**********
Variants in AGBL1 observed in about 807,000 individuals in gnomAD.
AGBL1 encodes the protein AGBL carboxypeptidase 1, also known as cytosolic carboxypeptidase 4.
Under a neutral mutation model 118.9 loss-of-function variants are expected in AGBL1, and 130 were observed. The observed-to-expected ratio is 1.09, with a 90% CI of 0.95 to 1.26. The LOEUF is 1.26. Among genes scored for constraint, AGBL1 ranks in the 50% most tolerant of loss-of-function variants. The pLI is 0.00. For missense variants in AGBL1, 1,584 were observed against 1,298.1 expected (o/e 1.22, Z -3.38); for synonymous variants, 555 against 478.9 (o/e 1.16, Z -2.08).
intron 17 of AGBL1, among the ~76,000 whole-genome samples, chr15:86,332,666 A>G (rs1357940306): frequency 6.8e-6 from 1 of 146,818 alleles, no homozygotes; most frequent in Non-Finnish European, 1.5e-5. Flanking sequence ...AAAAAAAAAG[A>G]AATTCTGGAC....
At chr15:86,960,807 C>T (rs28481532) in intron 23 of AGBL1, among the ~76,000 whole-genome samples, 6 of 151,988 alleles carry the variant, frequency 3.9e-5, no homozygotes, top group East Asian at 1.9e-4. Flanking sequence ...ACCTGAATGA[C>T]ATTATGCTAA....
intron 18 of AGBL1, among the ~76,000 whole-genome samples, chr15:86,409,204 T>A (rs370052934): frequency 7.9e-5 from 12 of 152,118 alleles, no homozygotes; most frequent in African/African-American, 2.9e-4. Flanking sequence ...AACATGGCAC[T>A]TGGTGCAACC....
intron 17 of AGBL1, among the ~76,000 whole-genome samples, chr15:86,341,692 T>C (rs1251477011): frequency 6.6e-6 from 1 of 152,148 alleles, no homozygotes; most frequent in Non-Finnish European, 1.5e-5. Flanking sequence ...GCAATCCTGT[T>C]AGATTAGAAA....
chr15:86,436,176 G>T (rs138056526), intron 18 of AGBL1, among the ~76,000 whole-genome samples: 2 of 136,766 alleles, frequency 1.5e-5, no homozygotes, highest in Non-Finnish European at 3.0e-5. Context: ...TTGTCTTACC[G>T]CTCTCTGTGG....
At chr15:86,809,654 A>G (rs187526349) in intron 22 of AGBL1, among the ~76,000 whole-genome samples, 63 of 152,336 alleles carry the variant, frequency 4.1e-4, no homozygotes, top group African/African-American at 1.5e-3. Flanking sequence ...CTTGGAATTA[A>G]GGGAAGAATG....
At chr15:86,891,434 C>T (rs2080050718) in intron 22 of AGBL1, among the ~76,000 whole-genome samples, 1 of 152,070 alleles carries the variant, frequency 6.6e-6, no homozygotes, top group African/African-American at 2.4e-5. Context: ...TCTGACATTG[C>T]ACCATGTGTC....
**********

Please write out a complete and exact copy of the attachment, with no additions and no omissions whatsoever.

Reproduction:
Variants in AGBL1 observed in about 807,000 individuals in gnomAD.
AGBL1 encodes the protein AGBL carboxypeptidase 1, also known as cytosolic carboxypeptidase 4.
Under a neutral mutation model 118.9 loss-of-function variants are expected in AGBL1, and 130 were observed. The observed-to-expected ratio is 1.09, with a 90% CI of 0.95 to 1.26. The LOEUF is 1.26. Among genes scored for constraint, AGBL1 ranks in the 50% most tolerant of loss-of-function variants. The pLI is 0.00. For missense variants in AGBL1, 1,584 were observed against 1,298.1 expected (o/e 1.22, Z -3.38); for synonymous variants, 555 against 478.9 (o/e 1.16, Z -2.08).
intron 17 of AGBL1, among the ~76,000 whole-genome samples, chr15:86,332,666 A>G (rs1357940306): frequency 6.8e-6 from 1 of 146,818 alleles, no homozygotes; most frequent in Non-Finnish European, 1.5e-5. Flanking sequence ...AAAAAAAAAG[A>G]AATTCTGGAC....
At chr15:86,960,807 C>T (rs28481532) in intron 23 of AGBL1, among the ~76,000 whole-genome samples, 6 of 151,988 alleles carry the variant, frequency 3.9e-5, no homozygotes, top group East Asian at 1.9e-4. Flanking sequence ...ACCTGAATGA[C>T]ATTATGCTAA....
intron 18 of AGBL1, among the ~76,000 whole-genome samples, chr15:86,409,204 T>A (rs370052934): frequency 7.9e-5 from 12 of 152,118 alleles, no homozygotes; most frequent in African/African-American, 2.9e-4. Flanking sequence ...AACATGGCAC[T>A]TGGTGCAACC....
intron 17 of AGBL1, among the ~76,000 whole-genome samples, chr15:86,341,692 T>C (rs1251477011): frequency 6.6e-6 from 1 of 152,148 alleles, no homozygotes; most frequent in Non-Finnish European, 1.5e-5. Flanking sequence ...GCAATCCTGT[T>C]AGATTAGAAA....
chr15:86,436,176 G>T (rs138056526), intron 18 of AGBL1, among the ~76,000 whole-genome samples: 2 of 136,766 alleles, frequency 1.5e-5, no homozygotes, highest in Non-Finnish European at 3.0e-5. Context: ...TTGTCTTACC[G>T]CTCTCTGTGG....
At chr15:86,809,654 A>G (rs187526349) in intron 22 of AGBL1, among the ~76,000 whole-genome samples, 63 of 152,336 alleles carry the variant, frequency 4.1e-4, no homozygotes, top group African/African-American at 1.5e-3. Flanking sequence ...CTTGGAATTA[A>G]GGGAAGAATG....
At chr15:86,891,434 C>T (rs2080050718) in intron 22 of AGBL1, among the ~76,000 whole-genome samples, 1 of 152,070 alleles carries the variant, frequency 6.6e-6, no homozygotes, top group African/African-American at 2.4e-5. Context: ...TCTGACATTG[C>T]ACCATGTGTC....